Rose Goldsen

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Rose Kohn Goldsen (May 19, 1917 – August 2, 1985) was a Professor of Sociology at Cornell University and a pioneer in studying the effects of television and popular culture.

Prior to coming to Cornell, Goldsen worked for the Office of Radio Research, Columbia University Bureau of Applied Social Research.[1] Goldsen came to Cornell as a Research Associate and felt that she encountered employment discrimination because she was a woman. In 1958, a faculty position opened up and she demanded to be considered, resulting in her appointment to the faculty.[2]

Goldsen studied the psychological effects of television on individuals and society. Most notably, Goldsen was a very visible critic of a Congressionally mandated government study of the impact of television violence on children. When the study reported no ill effects, Goldsen was able to document that the television industry had stacked the study and that its results were suspect.[3][4] Goldsen explained the importance of her studying television by noting, "it is still possible to turn off the television set. It is not possible to turn off the television environment."[5]

Goldsen broadcast a series of 11 lectures on sociology over an Ithaca, New York radio stations, February to May, 1974.[6]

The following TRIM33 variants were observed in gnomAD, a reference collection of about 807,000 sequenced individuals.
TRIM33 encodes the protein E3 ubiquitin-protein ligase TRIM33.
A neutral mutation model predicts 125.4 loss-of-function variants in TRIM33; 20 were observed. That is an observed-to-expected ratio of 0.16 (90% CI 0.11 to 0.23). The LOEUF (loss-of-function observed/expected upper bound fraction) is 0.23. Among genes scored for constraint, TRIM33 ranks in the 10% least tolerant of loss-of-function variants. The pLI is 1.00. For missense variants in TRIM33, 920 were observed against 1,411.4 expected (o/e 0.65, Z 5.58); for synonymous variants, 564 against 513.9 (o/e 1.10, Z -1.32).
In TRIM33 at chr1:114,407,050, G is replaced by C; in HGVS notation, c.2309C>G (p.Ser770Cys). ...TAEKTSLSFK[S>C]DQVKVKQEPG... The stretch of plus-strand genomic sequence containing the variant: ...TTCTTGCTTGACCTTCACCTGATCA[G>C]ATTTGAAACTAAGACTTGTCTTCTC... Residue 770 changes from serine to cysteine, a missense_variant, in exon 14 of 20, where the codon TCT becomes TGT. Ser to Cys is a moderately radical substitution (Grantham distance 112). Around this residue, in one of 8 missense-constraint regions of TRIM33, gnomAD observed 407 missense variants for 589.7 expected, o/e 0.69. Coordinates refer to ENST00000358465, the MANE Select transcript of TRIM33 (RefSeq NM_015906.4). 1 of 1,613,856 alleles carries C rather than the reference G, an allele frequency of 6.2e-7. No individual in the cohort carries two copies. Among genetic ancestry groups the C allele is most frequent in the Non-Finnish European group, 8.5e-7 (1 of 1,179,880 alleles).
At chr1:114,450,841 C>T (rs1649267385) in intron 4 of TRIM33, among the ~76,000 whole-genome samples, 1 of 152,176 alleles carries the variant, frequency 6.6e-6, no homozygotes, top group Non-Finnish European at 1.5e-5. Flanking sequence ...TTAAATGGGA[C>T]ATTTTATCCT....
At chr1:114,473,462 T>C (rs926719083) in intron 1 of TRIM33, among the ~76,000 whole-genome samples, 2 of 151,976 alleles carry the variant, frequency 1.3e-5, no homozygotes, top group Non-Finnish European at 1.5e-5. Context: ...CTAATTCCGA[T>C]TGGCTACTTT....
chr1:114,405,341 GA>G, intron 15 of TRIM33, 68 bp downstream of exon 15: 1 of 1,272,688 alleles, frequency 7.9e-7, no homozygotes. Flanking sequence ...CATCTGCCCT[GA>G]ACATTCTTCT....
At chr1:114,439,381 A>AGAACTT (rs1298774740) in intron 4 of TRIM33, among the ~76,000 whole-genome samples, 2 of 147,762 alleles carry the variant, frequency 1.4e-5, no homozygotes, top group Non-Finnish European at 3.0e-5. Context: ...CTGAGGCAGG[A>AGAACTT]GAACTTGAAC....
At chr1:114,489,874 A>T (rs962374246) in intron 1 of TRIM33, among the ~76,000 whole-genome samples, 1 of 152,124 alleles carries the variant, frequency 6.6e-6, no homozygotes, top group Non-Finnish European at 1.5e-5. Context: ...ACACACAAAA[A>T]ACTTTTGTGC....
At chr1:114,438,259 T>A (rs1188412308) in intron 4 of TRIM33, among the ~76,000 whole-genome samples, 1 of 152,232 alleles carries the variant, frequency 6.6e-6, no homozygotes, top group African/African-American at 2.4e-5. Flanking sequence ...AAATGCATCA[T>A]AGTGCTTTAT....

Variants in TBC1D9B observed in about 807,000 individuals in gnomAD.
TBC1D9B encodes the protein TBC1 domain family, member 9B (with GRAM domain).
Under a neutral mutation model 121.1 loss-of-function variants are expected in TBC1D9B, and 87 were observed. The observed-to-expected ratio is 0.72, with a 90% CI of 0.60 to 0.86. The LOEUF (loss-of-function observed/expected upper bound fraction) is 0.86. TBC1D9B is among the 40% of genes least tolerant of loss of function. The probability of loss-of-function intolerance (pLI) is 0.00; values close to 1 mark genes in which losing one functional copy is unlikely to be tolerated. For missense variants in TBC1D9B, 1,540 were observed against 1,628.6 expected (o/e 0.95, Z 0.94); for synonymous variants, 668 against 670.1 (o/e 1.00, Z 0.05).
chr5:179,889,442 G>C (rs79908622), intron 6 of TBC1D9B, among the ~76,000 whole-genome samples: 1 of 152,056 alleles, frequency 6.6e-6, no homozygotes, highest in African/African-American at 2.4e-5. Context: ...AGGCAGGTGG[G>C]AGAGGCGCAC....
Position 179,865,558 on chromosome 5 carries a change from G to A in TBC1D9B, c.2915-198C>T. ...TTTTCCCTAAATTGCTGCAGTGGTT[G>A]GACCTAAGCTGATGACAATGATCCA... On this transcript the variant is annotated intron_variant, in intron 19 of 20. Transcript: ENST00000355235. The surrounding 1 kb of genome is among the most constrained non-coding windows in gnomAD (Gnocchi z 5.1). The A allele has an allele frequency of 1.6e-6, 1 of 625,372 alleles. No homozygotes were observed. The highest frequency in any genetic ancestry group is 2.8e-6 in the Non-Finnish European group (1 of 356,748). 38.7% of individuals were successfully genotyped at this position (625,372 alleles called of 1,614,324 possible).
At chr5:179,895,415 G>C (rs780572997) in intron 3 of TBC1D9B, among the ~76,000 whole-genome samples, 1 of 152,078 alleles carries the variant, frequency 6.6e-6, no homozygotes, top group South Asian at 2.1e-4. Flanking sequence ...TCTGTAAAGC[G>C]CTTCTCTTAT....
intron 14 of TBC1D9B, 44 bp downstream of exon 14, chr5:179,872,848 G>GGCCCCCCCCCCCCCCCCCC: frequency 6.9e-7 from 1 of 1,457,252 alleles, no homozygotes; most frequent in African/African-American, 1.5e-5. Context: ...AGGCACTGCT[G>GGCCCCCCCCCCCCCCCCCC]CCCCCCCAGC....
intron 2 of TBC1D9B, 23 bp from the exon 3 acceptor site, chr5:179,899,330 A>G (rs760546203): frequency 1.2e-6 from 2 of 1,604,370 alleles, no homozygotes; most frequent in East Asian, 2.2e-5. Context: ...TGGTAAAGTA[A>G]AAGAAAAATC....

She also studied the attitudes of college students.

Goldsen was also active in Cornell University's governance and served on its University Senate.

Cornell Library's archive of new media art is named in her honor.

Books[edit]

  • C. Wright Mills Clarence Senior Rose Kohn Goldsen (1950). Puerto Rican Journey: New York's Newest Migrants. Harper & Brothers. ASIN B000R0CVSW. 
  • Goldsen, Rose K. (May 1955). Factors related to acceptance of innovations in Bang Chan, Thailand: Analysis of a survey conducted by the Cornell Cross-Cultural Methodology Project, (Interim reports series). Cornell University. ASIN B0007GR2RG. 
  • Rose K. Goldsen et al, eds. (1960). What College Students Think. Princeton, New Jersey: D. Van Nostrand Co. 
  • Adeline G. Levine, Rose K. Goldsen (1982). Love Canal: Science, Politics, and People. Lexington Books. ISBN 978-0-669-04034-0. 
  • Goldsen, Rose K. (1977). Show and Tell Machine: How American Television Works and Works You over. Doubleday. ISBN 978-0-8037-8614-1. 

References[edit]

  1. ^ http://www.outofthequestion.org/Women-in-Media-Research.aspx#Goldsen Retrieved 2010-01-29.
  2. ^ Rossiter, Margaret (1998). Women Scientists in America: Before Affirmative Action, 1940-1972. Johns Hopkins University Press. p. 161. ISBN 978-0-8018-5711-9. 
  3. ^ "Science in Wonderland" (PDF). Society Vol. 10 No. 4. May 1973. 
  4. ^ "Albert Bandura Autobiography". Retrieved 2010-01-30. 
  5. ^ Rose K. Goldsen, The Show and Tell Machine (New York: The Dial Press, 1975), p. xi.
  6. ^ http://rmc.library.cornell.edu/ead/htmldocs/RMA01649.html Retrieved 2010-01-30.

External links[edit]